Cross

V A L E R I E   R O Y

Valerie Roy   100 Cross

I have grown up in a Catholic family and one of my uncles was a missionary in South America. He was very devoted to his community, especially to poor families and to political prisoners. At 8 years old, I didn’t know anything about social work, but I sure wanted be a missionary too, in order to help people.

 

I chose Cross because …

… though it may be a delicate or controversial symbol, for me it shows similar complexities with social work. The image I chose to represent social work looks like a pendant I had at the time I knew my uncle. As I grew up, my religious beliefs have progressively given way to a secular commitment, but I always kept this motivation to serve others, including now in my current position as Professeure École de service social at Université Laval in Québec.

Serving others refers to a debate in Québec about the designation of social work itself, whether it should be called “service social” (social service) or “travail social” (social work). This debate brings back the religious roots of social work in Québec’s francophone context. At the time, the first forms of social work in Québec’s anglophone community were secular, while for the francophone community, they were carried by different Catholic organizations. I personally consider that the idea to “work with people”, which is an important value in social work, is better translated by the designation “travail social”; however, I have a personal and historical attachment to the designation “service social” because of these roots.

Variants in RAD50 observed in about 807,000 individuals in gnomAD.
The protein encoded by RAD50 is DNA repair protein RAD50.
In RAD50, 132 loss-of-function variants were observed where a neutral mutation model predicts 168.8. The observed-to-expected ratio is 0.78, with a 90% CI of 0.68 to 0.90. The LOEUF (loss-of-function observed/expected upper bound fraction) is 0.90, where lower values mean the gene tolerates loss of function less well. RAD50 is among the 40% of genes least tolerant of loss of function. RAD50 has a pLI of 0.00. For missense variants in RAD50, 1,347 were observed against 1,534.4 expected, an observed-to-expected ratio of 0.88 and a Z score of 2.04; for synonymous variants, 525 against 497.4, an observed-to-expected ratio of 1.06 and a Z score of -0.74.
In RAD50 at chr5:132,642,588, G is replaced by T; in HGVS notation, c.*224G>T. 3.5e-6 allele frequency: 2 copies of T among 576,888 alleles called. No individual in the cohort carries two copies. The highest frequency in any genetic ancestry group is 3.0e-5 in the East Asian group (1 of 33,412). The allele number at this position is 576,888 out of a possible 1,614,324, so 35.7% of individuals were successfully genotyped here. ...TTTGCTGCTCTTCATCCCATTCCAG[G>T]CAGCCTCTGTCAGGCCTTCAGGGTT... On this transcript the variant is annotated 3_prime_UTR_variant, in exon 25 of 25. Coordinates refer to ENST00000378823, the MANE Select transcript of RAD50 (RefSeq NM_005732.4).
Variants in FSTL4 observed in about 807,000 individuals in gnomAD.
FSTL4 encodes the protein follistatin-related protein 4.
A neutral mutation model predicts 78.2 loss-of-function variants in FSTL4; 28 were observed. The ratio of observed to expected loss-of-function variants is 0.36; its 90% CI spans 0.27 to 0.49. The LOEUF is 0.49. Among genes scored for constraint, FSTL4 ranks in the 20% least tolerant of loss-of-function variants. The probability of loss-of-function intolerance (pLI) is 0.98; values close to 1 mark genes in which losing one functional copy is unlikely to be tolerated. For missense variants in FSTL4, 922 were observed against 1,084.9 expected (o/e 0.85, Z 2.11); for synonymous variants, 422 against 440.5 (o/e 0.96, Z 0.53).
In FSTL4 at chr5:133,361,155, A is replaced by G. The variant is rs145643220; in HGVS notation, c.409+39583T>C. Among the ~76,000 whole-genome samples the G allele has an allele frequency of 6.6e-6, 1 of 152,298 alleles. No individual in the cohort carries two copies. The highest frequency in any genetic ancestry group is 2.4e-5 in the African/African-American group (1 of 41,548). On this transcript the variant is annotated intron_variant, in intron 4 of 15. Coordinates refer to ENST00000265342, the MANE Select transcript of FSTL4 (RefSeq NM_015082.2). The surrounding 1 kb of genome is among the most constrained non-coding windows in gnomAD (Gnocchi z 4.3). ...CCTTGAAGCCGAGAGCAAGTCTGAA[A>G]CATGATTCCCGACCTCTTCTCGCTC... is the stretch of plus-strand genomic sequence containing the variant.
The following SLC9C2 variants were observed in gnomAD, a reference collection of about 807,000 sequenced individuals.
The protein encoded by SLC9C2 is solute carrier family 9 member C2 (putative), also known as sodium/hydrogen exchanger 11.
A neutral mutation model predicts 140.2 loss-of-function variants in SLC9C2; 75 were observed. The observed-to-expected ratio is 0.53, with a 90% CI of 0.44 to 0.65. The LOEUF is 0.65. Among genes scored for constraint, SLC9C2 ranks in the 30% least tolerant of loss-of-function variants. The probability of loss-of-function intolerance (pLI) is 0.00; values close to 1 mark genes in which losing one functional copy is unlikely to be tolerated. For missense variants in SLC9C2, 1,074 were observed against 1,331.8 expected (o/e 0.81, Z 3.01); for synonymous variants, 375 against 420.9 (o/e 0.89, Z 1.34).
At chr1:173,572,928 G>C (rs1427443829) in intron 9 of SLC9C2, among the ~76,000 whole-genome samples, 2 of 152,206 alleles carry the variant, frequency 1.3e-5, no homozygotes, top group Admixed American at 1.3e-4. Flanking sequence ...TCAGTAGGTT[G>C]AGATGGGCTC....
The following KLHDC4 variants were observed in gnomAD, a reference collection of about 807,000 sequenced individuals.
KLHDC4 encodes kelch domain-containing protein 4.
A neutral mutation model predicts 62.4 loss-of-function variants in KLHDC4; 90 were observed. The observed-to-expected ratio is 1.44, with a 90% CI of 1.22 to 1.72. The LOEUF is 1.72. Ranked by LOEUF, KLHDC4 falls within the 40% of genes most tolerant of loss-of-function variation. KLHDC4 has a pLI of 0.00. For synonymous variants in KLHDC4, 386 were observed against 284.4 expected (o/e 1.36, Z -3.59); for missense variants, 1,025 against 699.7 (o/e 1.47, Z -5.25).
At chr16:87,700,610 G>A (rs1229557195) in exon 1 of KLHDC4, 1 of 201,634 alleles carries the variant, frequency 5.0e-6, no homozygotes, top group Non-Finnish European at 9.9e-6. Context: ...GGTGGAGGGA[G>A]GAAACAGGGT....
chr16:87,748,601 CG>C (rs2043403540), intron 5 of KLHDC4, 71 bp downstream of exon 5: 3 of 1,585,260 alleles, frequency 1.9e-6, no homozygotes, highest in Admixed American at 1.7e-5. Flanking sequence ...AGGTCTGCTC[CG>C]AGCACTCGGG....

On the other side, the cross also symbolises for me a darker side of social work, namely the power social workers can have over people and the potential abuses of “acting in the name of” or “for the good of others”. Even if we “work with people” and even if we adopt a critical and reflexive practice, I do not think one can escape from these risks as we are all human beings. Therefore, ethics and regulation systems appear essential to me in order to protect people from our power and to ensure that we serve them without any personal or professional benefits.

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